Future use is hard to predict and often we get it wrong, e.g. we keep a lot of data that does not get re-used…but maybe it will be re-used in the future.
Hi Andy, David, Rachel. Thanks for the responses. I would agree with Andy that there is a need to understand why we may wish to preserve tweets. My response to that is that we are now (in the UK HE/FE sector) starting to see institutional use of Twitter being made. So it is no longer being used solely as a ‘dynamic’ and ‘informal’ channel, to use David’s words. (I also suspect that the US is ahead of us in use of Twitter in diverse ways – indeed after receiving Twitter follower spam from various US presidential election candiates I did wonder whether such electioneering messages would be covered by legisliation governing elections).
UKOLN, for example, will be using twitter for the forthcoming IWMW 20098 event. In this case it is being used as a mechanism for the event organisers to be able to quickly send messages to the event participants – and if their tweets are delivered to their mobile phone, they will be able to receive alerts when they are away from a PC. As an official channel we will need to treat our (institutional) use of twitter in the same way as official emails sent out to delegates. I am conscious, for example, of the possible confusions (and perhaps, in more formal contexts, the legal ramifications) which could be cuased by inappropriate messages being sent out. And as around this time last year there were many problems caused by the floods in the southwest of England, I know that if there were serious problems associated with the event we would need a proper audit trail for tweets.
The fact that every tweet has a permalink (and can be indexed by Google, and the Wayback Machine, etc etc) is enough of an archive for me…
@Frankie Roberto for me I personally agree with you! But for institutions it might be different.
Hi Frankie, Rachel’s right. An individual will need to decide for themselves what to do (if anything) with old tweets – although an instituion (especially in the educational sector) may have a respoonsibility to wanr them of possible dangers, as will many other social network services. However the JISc PoWR project’s remit is to advise on the institutional implications for preservation of Web (1.0 and 2.0) services and resources.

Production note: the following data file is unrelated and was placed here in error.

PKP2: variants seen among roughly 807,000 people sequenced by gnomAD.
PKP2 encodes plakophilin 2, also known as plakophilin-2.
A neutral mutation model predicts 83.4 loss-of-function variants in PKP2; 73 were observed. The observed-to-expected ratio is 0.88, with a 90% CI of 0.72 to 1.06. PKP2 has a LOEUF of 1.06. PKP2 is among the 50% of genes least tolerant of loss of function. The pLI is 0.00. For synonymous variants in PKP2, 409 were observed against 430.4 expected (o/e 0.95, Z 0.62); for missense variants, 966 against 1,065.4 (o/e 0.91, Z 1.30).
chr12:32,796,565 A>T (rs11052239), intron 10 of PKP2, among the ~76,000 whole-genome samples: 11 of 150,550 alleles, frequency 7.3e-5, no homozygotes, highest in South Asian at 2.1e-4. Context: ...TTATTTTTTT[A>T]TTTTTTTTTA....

Agree with Rachel and others in this thread who seem to be saying that a ‘selection and appraisal’ step may have been overlooked in this line of thought. I can’t assume that, simply because something is transacted over a web browser, this immediately confers upon it the status of a digital resource that information professionals should be interested in capturing or preserving.
I tend to agree that it’s rather hard to see what the value of a Twitter resource is, nor can I tell from this post at what point a Twitter turns into a record that requires preservation. Telling me that use of Twitter is advancing and becoming more institutionalised is worth knowing, but it does not convince me completely. Show me how its outputs relate to real-world institutional policies, and how they form a part of the corporate record. Show me what is at stake, and what are the risks of corporate memory loss if we decide to do nothing about Twitters.
I’m prepared to believe that if Twitter grows and becomes more widespread as an institutional tool, then its outputs and resources may conceivably reach a tip-over point when their value can longer be ignored. Or worse, we are forced to take action because of a disaster arising from a record-keeping gap.
I’m sure we all want to see the day when all desktop applications are so smoothly integrated with record-capturing mechanisms that a conscientious creator of information can select and add virtually any digital output into a comprehensive electronic filing system. It would be an optimistic man, however, who demands an instant solution. Institutional policies, records management practices and indeed software solutions to the problems raised by digital resources do not happen quickly; just ask anyone in the profession about the problems they’re facing with e-mail management.
I was reminded of this post the other day when I was playing with WordPress and the Prologue theme which makes WordPress look and behave in a very Twitter-ish way.
There is also the Feedwordpress plugin, which will import posts from external RSS feeds. This could be directed at one or more Twitter feeds, and tag-gregated feeds at Twemes etc, to form the beginnings of a selective institutional or personal Twitter Archive, built in WordPress.
Of course you could just keep the RSS, but this way you keep a lot of the functionality, accessibility and experience as well (with a few tweaks it could look almost exactly like Twitter).
At a time when even No 10 tweets, maybe the idea that selective Tweet archives might be valuable is not such a crazy idea.